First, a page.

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JMSC Class Launches Hong Kong’s First Domestic Worker Project

A group of students at the Journalism and Media Studies Centre (JMSC) has launched a new online journalism program called the Domestic Worker Project, the first of its kind in Hong Kong.

The program will provide “ongoing coverage of the personal, social, legal and financial issues affecting foreign domestic workers in Hong Kong”, according to the Domestic Worker Project website. The site has been developed as a project of this semester’s Advanced Online Journalism class.

Domestic Worker Project

Although there are more than a quarter of a million foreign domestic workers in Hong Kong, information about them and their individual lives is relatively scarce. The media routinely underreports their stories, even when they involve such issues as indentured servitude, sexual or physical abuse, or worse.

The Domestic Worker Project aims to change that, says Kevin Sites, Associate Professor at the JMSC and a 2010 Harvard University Nieman Fellow, who is directing the project.

“The goals of the project are both journalistic and educational”, Sites said. “We want our students to provide compelling narratives and objective, in-depth reporting on a sector of the population whose stories rarely get told. And we want to provide our students with the experience of a sensitive and complex beat that also transcends international borders with domestic workers in Hong Kong coming primarily from the Philippines and Indonesia”.

The project will organize research and interviews the students have been conducting since the semester began in January. In addition to collecting facts and figures that govern the life of a domestic worker in Hong Kong, the students will publish stories on the website that put a human face to those numbers, including the larger social issues affecting domestic workers: migration laws, low wages, employment agencies, money lenders, and the separation of families for years at a time.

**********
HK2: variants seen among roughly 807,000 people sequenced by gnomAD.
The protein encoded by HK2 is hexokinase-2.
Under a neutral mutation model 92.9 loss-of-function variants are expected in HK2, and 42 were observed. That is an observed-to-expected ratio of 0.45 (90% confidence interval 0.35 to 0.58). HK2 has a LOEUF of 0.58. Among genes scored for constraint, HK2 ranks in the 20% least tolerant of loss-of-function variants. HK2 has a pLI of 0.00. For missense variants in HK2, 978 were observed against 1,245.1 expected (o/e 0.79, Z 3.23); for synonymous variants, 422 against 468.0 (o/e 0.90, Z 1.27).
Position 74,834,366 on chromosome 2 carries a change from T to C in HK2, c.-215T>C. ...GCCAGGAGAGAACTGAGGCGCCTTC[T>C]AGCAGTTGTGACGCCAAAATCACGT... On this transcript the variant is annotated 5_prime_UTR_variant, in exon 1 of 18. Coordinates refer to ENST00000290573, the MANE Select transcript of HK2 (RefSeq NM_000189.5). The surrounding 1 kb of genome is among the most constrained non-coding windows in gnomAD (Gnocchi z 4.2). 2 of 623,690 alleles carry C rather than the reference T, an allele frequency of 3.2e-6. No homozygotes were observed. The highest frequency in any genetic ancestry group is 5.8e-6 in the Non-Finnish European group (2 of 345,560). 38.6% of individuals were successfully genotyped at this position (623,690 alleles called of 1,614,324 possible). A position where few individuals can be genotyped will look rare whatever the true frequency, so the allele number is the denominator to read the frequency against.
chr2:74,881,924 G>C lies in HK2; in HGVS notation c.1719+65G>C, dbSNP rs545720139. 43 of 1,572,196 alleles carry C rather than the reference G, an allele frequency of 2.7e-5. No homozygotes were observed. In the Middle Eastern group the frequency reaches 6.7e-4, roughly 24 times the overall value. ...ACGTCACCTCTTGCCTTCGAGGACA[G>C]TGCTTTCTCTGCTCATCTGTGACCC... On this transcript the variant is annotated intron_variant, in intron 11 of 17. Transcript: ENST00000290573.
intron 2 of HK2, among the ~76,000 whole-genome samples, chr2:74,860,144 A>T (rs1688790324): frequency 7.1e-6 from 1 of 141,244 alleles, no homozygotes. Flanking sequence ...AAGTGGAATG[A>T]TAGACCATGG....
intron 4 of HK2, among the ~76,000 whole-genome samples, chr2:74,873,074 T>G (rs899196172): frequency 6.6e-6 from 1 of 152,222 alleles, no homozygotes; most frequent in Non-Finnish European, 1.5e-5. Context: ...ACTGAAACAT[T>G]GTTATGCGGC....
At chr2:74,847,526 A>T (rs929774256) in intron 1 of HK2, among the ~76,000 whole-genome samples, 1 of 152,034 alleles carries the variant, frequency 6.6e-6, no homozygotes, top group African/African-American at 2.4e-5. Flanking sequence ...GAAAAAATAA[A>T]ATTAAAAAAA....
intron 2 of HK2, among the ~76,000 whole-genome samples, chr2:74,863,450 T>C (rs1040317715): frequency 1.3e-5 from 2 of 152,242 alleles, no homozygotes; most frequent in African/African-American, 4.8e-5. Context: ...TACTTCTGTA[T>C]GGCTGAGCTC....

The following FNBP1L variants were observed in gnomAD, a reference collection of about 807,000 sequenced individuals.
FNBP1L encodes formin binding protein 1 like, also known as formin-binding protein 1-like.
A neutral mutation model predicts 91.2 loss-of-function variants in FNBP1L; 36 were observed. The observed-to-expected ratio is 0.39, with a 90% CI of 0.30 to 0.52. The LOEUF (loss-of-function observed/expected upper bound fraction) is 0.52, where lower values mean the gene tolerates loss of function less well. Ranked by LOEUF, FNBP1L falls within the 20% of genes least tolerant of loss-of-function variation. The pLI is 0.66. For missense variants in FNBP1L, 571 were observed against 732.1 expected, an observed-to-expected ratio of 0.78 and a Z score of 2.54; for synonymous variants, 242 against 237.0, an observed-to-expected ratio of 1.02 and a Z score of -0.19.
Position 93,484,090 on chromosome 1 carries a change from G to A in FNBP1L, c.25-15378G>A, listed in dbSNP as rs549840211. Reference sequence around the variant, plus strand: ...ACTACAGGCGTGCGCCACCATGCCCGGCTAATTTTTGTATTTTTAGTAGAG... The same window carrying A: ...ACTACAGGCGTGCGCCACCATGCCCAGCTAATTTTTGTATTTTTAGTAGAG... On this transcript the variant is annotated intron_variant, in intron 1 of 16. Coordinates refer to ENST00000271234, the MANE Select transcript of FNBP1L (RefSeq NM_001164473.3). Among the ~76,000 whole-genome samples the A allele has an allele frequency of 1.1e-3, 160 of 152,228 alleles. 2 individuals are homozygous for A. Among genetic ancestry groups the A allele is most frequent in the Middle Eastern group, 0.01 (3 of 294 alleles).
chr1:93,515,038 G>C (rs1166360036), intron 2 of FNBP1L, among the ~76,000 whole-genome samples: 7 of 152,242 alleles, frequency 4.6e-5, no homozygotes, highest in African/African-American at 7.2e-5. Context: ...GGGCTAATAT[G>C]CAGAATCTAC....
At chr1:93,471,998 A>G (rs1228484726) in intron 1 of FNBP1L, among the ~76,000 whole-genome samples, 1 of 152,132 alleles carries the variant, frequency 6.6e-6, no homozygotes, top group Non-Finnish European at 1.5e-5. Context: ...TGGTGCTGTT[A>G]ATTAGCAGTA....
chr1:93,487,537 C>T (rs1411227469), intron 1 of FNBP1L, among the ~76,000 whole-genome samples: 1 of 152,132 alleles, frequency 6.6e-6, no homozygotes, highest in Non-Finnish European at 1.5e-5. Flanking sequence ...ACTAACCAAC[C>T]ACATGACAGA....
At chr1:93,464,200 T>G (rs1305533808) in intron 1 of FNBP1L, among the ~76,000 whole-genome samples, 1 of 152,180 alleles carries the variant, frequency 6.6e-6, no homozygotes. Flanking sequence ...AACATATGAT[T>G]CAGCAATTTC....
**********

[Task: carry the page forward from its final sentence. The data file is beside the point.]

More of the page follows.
Twenty-nine year-old Ida Rosidah, a domestic worker in Hong Kong from Indonesia.

For example, in his article, Greedy Job Firms Put Some Domestic Workers into a State of Indentured Servitude, Xinlei Pan (MJ, 2013) tells the story of a 29-year-old Indonesian woman named Ida RosidahThe employment agency that arranged Rosidah’s job in Hong Kong charged her over 80 percent of her salary, every month for the first several months she worked here.

Though several laws have been passed to limit the overcharging, Pan says that agencies still continue to do it. According to the Association of Indonesian Domestic Helpers, a survey of such women in Hong Kong revealed that 94 percent of them had been overcharged by their employment agencies.

Sites said that the project was in part inspired by the Chicago Innocence Project, which researches cases of people imprisoned for crimes they may not have committed. The project was established by Journalism Professor David Protess with his investigative reporting classes at Northwestern University’s Medill School of Journalism. To date, the Innocence Project has found evidence that has helped free 12 prisoners, 5 of whom were on death row, and was a major factor in prompting Illinois to abolish the death penalty in 2011.

“We were interested in doing something similar with the Domestic Worker Project but at a different level”, Sites said. “Where the Innocence Project found that by focusing on previously unexamined DNA evidence they were able to exonerate a lot of guys on death row, I want our students to also peer into the unexamined evidence – but on a level that is sociological rather than criminal – to find out how domestic workers are treated, what their quality of life is, what the remittance means to their home countries, how they benefit and how they are exploited”.

Daisy Mandap is a lawyer and editor of the The Sun, a newspaper that is published in both English and Tagalog serving the large Filipino community in Hong Kong – the vast majority of whom are domestic helpers.

“This is a welcome project for us”, Mandap said. “The local Chinese and the expat groups and other groups do not understand the plight of our workers”, she said. “There is so much misinformation out there and this will open a door for them to have a better understanding of the situation under which our domestic workers have to work”.